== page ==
Inspiring people to re-imagine their relationship to their world

Finding Elders and Friends in Nature

Mbali Marais
Published on

Guardians For Nature
Youth Day South Africa June 16th.

“The best part of the day was when I hugged and told my secrets to the tree” general consensus after our youth connection day. Please support our work and donate. Thank you

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The elements provided Return To Origin trainee Leaders, in the Indigenous Knowledge Leadership Program, and 13 young people aged between 7 and 13 a beautiful day at the Vlei in Muizenberg. Part of the sandvlei nature reserve, calm waters, grassy verges dotted with mantatoka trees, perfect for climbing and hiding. It is the only functioning estuary on the False Bay coast of Cape Town today. Over looked by the Muizenberg moutain and surrounded by a peaceful natural lake the mouth of which connects to the Atlantic Ocean provided the perfect setting for our Youth Connection day and Youth Day- honoring youth in South Africa.
After a breakfast of muffins, bananas and warm milk the youth were ready to jump in and we began with a round of singing and welcoming the young people led by Lindsay Burch, trainee leader.

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Lindsay Burch trainee leader, guided the youth through a simple but powerful ceremony of giving and receiving, suggesting that sometimes even when we have nothing there is always nature ready to give back, and what we get back may not be what we want but it may surprise us in a positive way. Lindsay also made the connections to the food, and how all our food was provided by nature, something that many of us also forget. How a muffin is made and the many hands required to bring it to our table. It is always magical to watch a child have an ahha moment and there were a few!
Based on the interviews after the day we were surprised and moved by the childrens sharing of what they had received from their day in Nature.

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Together we made a small mound of earth by a tree and created a bountiful display of flowers, fruits and seeds, and we sang our praises for nature and each pod led by their leaders spent time speaking stories of hope at the mound, including sharing about unkindness, violence that they had witnessed in their communities. It was an outpouring that was unexpected, but we were ready, having worked with this group before and being aware of the trouble in their community. They chose to speak in nature and their heavy burdens were palpable. Burdens that no child should be carrying. Maybe a small burdens was left there, for one day anyway!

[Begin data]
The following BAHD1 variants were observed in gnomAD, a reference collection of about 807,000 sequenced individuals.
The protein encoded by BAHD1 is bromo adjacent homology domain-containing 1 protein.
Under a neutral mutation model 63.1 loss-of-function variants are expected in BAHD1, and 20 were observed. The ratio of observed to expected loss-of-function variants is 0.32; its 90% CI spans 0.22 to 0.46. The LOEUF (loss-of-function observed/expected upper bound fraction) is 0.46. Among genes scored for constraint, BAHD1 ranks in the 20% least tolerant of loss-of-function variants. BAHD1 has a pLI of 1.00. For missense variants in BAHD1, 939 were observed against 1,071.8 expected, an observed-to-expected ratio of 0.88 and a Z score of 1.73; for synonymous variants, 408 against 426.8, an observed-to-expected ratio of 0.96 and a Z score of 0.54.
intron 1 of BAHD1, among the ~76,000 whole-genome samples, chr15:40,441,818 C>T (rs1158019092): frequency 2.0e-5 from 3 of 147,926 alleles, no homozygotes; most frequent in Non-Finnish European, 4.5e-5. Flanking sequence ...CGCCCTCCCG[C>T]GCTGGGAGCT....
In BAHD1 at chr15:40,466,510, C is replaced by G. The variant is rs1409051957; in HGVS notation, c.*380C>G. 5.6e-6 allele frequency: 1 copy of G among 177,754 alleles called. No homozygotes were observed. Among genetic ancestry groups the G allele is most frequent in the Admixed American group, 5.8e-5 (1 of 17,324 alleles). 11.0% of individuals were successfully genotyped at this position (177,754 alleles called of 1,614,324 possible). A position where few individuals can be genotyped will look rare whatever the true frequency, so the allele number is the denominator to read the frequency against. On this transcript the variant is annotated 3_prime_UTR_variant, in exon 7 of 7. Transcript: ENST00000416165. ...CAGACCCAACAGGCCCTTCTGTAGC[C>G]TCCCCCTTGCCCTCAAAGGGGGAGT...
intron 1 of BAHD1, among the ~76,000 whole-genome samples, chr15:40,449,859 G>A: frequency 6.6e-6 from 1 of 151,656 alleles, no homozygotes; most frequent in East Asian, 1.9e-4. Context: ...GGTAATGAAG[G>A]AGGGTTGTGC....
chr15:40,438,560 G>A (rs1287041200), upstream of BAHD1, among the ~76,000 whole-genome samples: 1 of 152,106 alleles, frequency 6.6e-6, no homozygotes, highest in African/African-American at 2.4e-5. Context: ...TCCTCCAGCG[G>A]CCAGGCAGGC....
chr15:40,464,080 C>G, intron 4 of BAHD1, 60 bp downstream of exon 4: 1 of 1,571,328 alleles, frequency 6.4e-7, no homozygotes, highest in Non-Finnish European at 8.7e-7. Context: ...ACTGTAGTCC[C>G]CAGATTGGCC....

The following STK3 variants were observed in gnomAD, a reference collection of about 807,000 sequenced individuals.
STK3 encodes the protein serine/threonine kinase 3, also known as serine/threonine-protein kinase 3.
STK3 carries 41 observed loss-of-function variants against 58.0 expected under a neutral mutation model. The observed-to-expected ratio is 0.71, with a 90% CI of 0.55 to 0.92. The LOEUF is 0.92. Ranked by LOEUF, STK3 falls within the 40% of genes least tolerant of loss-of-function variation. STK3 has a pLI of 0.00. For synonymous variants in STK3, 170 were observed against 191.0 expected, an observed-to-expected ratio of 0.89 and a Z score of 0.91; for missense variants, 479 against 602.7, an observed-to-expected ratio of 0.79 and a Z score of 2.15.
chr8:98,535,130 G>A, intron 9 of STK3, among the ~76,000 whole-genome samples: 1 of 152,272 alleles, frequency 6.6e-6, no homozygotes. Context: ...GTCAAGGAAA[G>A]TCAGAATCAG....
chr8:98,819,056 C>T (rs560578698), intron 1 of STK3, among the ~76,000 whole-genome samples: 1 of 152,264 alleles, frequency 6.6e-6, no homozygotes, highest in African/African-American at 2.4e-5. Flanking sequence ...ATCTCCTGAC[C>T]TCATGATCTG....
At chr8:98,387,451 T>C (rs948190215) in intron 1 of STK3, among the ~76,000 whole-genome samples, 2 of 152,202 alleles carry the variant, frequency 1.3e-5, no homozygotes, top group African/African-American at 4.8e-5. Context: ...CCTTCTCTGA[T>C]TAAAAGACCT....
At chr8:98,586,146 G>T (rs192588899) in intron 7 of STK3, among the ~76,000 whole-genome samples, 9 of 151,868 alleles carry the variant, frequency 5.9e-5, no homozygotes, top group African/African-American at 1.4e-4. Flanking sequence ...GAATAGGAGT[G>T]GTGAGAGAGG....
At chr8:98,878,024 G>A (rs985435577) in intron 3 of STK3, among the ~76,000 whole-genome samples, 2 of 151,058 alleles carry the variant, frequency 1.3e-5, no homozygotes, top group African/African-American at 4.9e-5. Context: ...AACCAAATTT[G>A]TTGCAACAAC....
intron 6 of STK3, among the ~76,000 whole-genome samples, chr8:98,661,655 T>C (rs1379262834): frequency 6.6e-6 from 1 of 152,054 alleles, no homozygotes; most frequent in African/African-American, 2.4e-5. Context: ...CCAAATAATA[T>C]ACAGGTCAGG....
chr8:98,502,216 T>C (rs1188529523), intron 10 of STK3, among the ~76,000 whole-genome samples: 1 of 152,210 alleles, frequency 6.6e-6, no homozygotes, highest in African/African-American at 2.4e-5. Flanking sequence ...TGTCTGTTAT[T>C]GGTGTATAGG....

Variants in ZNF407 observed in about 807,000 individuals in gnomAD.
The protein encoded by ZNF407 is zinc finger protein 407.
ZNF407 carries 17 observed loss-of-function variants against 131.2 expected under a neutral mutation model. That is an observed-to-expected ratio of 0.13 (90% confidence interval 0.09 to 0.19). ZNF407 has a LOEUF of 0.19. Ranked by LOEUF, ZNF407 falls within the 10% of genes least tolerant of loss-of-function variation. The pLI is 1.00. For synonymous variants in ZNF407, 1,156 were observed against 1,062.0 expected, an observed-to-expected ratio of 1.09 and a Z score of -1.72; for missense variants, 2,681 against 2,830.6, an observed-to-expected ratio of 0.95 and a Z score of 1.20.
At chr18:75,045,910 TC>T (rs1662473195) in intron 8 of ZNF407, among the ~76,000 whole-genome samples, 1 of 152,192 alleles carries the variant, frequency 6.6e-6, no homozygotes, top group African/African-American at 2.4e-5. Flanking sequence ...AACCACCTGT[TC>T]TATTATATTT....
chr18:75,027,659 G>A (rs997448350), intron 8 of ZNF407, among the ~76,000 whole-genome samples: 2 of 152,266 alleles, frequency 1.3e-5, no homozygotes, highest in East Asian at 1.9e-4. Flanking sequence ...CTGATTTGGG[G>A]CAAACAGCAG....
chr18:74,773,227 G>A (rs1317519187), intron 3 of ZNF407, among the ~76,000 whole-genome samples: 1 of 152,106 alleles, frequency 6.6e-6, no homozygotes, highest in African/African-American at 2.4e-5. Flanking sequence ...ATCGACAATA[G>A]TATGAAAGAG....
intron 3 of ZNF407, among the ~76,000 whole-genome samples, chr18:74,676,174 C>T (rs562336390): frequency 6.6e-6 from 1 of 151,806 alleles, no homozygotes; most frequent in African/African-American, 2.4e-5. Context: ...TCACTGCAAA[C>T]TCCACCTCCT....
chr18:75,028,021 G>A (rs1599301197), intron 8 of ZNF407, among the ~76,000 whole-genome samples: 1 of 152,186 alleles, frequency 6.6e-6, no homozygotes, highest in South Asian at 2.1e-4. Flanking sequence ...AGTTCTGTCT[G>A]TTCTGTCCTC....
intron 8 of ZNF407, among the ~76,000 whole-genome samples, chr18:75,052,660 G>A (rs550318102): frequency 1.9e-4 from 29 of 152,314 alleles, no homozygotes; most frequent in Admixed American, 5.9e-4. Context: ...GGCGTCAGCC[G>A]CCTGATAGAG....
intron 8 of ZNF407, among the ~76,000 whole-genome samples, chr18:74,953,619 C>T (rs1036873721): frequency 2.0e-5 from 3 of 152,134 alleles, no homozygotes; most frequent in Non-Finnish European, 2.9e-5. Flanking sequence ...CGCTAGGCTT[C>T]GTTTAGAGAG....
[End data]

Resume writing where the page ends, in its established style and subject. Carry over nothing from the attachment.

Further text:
Afterwards we sang and danced together and the burdens lifted if only for a few minutes.

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Arnoldt Michaels trainee Leader, invited them to make connections to a special tree. And I am grateful for the healing power of trees that for millenium have provided us with support, shade, strength, fruit, oxygen warmth, food and I see them as ancient grandmothers and grandfathers( that will be our next youth connection day) Today though they were guided to see the tree as a special friend, or elder that they could talk to share their secrets with, spend time with when they felt alone or they did not have a place or person where they could express themselves. “Now go hug a tree” and they did and hugged and hugged ….it took a long time to call them back.

More song more dance more acting out, and we laughed.

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Back to the hall for lunch. Angelique Michaels, trainee leader invited them to make masks of glad, happy or joy. They dived into the paints and beads and pieces of art we had provided, and they were quiet and still and focused and some wanted to make two. Afterwards each child came on stage with their pods and their leaders and gave a short performance holding their “joy” masks and we joined them in their joy. And yes- we finished with a song!

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We were later joined by Shaun Solomons who lives and works in their community and they shared with us all the process of the mask and named them. Many spoke of their “happy “ mask as being a grandfather and grandmother. I am reminded again and again of the everwidening gap between youth and elders and the wisdom that has been lost when our elders pass, a whole library dies with them. But more importantly the role of elder in our communities as an essential support for our young people especially at troubled times. Poverty, illness and violence is taking out our youth and we must provide them with opportunities for a rights of passage before they initiate themselves into gangs, violence and drugs. The connection to youth and nature is a start. What you love you protect, and we can only hope that through all they have come through they will love themselves enough to know that being born is validation enough and to protect each other and their rich heritage. “the best part of the day was when I hugged and told my secrets to the tree” was the general consensus. Yay!!!!! And a good day was had by all.

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